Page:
A growing number of cities have enacted laws that would make wearing saggy or low-slung pants indecent exposure. "It's an interesting question whether these laws would violate the First Amendment as currently understood," says Neil Richards, professor of law at Washington University in St. Louis. "Saggy pants laws form a hybrid case.
They are regulating in terms of indecent exposure but seem to be directed at the expression of identity through clothing." Richards is available to discuss the constitutional issues surrounding these laws. His current comments on the laws follow:
Does the intended purpose of these laws stand up to First Amendment analysis?
"The harms that these laws seek to remedy are those of personal offense and outrage — something like 'I am offended by the dress of that young man over there,'" Richards says.
"Laws that try to protect hurt feelings or to protect people from being upset, particularly in public, tend to do very poorly when subjected to First Amendment analysis. Moreover, because saggy pants laws single out a particular fashion for regulation, I would think that they raise serious constitutional problems under the First Amendment. That said, given the murky government power to enact indecent exposure laws, I'd be hesitant to call all saggy pants laws categorically unconstitutional under current doctrine."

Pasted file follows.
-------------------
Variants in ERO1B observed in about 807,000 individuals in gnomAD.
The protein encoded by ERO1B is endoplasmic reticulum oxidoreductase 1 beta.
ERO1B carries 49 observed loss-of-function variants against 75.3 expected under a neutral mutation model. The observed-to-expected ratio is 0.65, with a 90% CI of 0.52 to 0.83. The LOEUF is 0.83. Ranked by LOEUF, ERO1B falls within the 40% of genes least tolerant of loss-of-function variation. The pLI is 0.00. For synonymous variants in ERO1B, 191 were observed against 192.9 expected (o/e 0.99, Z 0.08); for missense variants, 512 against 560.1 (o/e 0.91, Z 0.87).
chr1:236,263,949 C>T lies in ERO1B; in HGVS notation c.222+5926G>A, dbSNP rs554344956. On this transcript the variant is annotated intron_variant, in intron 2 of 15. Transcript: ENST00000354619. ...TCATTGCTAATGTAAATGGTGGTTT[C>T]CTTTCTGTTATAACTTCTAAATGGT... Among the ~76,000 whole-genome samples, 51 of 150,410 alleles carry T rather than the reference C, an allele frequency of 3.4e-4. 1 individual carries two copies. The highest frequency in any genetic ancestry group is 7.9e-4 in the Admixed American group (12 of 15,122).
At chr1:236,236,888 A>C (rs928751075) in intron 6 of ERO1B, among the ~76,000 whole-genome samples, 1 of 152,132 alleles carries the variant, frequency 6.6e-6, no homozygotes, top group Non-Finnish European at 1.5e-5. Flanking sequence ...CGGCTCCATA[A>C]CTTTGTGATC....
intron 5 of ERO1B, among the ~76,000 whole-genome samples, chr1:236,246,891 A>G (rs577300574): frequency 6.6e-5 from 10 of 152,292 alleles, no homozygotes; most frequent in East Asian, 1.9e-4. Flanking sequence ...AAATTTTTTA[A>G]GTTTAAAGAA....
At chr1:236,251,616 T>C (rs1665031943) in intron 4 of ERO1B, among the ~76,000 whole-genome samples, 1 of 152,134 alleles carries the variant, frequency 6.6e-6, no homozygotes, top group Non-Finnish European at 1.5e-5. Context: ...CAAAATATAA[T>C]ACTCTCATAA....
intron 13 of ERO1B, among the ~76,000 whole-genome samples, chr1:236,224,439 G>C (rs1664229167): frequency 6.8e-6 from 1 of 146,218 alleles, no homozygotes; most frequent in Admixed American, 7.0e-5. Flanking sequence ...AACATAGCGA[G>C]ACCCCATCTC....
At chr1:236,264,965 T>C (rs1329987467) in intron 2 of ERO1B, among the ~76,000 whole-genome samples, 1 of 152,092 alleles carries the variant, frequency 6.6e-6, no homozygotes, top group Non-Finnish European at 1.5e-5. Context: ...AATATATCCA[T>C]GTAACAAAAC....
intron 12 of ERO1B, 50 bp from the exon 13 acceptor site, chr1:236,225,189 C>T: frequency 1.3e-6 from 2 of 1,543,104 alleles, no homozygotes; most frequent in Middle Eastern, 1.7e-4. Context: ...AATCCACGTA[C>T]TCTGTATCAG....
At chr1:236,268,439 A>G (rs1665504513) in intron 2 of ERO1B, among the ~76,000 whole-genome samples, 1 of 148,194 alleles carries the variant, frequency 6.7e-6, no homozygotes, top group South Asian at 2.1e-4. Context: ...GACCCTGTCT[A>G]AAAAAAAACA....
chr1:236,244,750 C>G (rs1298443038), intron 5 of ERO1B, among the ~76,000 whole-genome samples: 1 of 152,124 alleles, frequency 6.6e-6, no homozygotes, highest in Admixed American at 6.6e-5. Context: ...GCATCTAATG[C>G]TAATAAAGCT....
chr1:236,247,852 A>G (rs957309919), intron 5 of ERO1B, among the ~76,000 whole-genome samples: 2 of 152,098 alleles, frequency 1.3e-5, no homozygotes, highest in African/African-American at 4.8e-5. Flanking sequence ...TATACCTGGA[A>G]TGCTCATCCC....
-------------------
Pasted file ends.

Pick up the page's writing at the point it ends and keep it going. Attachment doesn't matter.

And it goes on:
Is this what the government should be focusing on?
"Putting First Amendment doctrine to the side, I still think saggy pants laws would be a terrible idea," he says. "Our clothes can be a form of personal expression — they are one of the most important ways we project ourselves and our identities to the world. The government may decide to regulate the dress of children in school in pursuit of educational objectives generally, but outside that narrow context, it is up to children and their parents to decide how they should dress.
"Indecent fashion statements, like other forms of expression, are not the kinds of things that the government should be wasting its time, energy and scarce law enforcement resources on. I would imagine that the police probably have more pressing problems to deal with than young people showing too much thong.
"There's a significant racial component to this issue, as the fashions being scrutinized are inspired and associated with Black popular culture," Richards says. "This is an additional consideration of constitutional magnitude counseling a light regulatory hand here.
"I think that in the long run, we'll look back on this question with the same incredulity that we now regard the fuss over Elvis Presley's swiveling hips on Ed Sullivan or the long-haired men and short-haired women of the 1960s. I hope this fashion for these kinds of laws will soon go the way of New Wave hairdos and other regrettable fashion mistakes."
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